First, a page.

Eyes on the Prize

Set during the American times where there is more of brawling and chaos about people’s rights, “Eyes on the Prize” is a crucial documentary of the African-American movement for Civil Rights from the 1950’s to the1960’s. It was not just a mere historical documentary but had also been a reliable source of information about the civil rights movement that Clayborne Carson, a respected history professor at the Stanford University said, “it is the principal film account of the most important American social justice movement of the 20th century.

Its latter part, “Eyes on the Prize: Bridge to Freedom,” released in 1965 tackles the pioneering actions of Selma, Alabama residents for voting rights started way back in the 1950’s. These residents have dauntlessly fought for their right to vote but unfortunately, out of hundreds of them, only a handful were picked and approved. The situation became even more rigid in 1961. Thousands upon thousand of the residents marched forth through Montgomery after an adolescent black activist was killed.

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Greatly enough, through this march, President Lyndon Baines Johnson eventually signed the Voting Rights Act in 1965. The video is undoubtedly moving by itself. Seeing all those fights and movements, people hurt yet still standing to fight for their rights. It was more than enough to realize how lucky we are to live in a more peaceful society and in a time where civil rights were all established.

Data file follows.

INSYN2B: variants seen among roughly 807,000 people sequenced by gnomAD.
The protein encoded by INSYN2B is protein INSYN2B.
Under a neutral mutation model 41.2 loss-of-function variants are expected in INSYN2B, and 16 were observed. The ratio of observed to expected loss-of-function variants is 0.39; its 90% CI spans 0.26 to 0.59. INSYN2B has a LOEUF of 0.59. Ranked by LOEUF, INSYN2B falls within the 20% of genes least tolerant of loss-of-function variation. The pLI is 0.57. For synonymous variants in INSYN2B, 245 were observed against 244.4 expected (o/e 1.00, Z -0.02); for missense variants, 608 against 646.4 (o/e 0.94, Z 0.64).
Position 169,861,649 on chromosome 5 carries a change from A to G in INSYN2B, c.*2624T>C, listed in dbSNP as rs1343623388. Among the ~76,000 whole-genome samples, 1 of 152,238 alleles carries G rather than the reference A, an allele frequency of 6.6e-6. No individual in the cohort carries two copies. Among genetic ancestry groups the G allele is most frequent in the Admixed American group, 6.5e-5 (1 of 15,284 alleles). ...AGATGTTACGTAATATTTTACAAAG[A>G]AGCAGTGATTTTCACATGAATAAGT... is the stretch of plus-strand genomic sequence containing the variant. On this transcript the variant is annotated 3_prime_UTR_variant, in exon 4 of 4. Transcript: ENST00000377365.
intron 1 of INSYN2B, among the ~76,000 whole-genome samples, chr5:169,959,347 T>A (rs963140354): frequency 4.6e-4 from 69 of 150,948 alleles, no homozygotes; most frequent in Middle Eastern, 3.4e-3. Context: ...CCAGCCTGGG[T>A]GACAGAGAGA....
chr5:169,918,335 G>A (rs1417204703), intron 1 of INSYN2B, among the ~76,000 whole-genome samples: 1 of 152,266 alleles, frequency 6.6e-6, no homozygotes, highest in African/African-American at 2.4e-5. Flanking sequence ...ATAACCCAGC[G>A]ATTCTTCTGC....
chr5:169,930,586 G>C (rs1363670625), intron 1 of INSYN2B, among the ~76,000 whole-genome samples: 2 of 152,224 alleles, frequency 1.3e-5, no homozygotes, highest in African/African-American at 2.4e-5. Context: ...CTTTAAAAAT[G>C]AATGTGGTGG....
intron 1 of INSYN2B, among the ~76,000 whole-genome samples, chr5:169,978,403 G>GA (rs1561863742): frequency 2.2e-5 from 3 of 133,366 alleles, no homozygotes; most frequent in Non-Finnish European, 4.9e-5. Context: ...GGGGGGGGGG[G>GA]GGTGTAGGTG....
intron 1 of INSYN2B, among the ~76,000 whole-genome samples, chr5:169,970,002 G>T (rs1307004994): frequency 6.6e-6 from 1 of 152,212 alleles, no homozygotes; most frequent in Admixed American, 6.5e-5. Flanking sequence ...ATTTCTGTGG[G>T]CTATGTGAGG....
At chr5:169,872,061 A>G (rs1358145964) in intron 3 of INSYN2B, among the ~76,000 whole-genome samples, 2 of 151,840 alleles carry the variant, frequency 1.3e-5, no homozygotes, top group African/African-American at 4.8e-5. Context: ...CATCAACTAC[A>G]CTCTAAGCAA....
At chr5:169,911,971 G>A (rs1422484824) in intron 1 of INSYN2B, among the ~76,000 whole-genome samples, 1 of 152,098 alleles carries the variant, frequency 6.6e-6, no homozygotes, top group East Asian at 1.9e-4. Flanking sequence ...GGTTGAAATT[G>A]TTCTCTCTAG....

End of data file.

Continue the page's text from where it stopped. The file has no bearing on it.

We would not need to go out and protest or even march a long way under the striking heat of the sun just to have the precious rights we ought to have. The emphasis of discrimination and racism and how, through united efforts of whites and blacks alike, it fell out was a vital demonstration of how unity amidst diversity could win over selfishness and individuality in these modern days.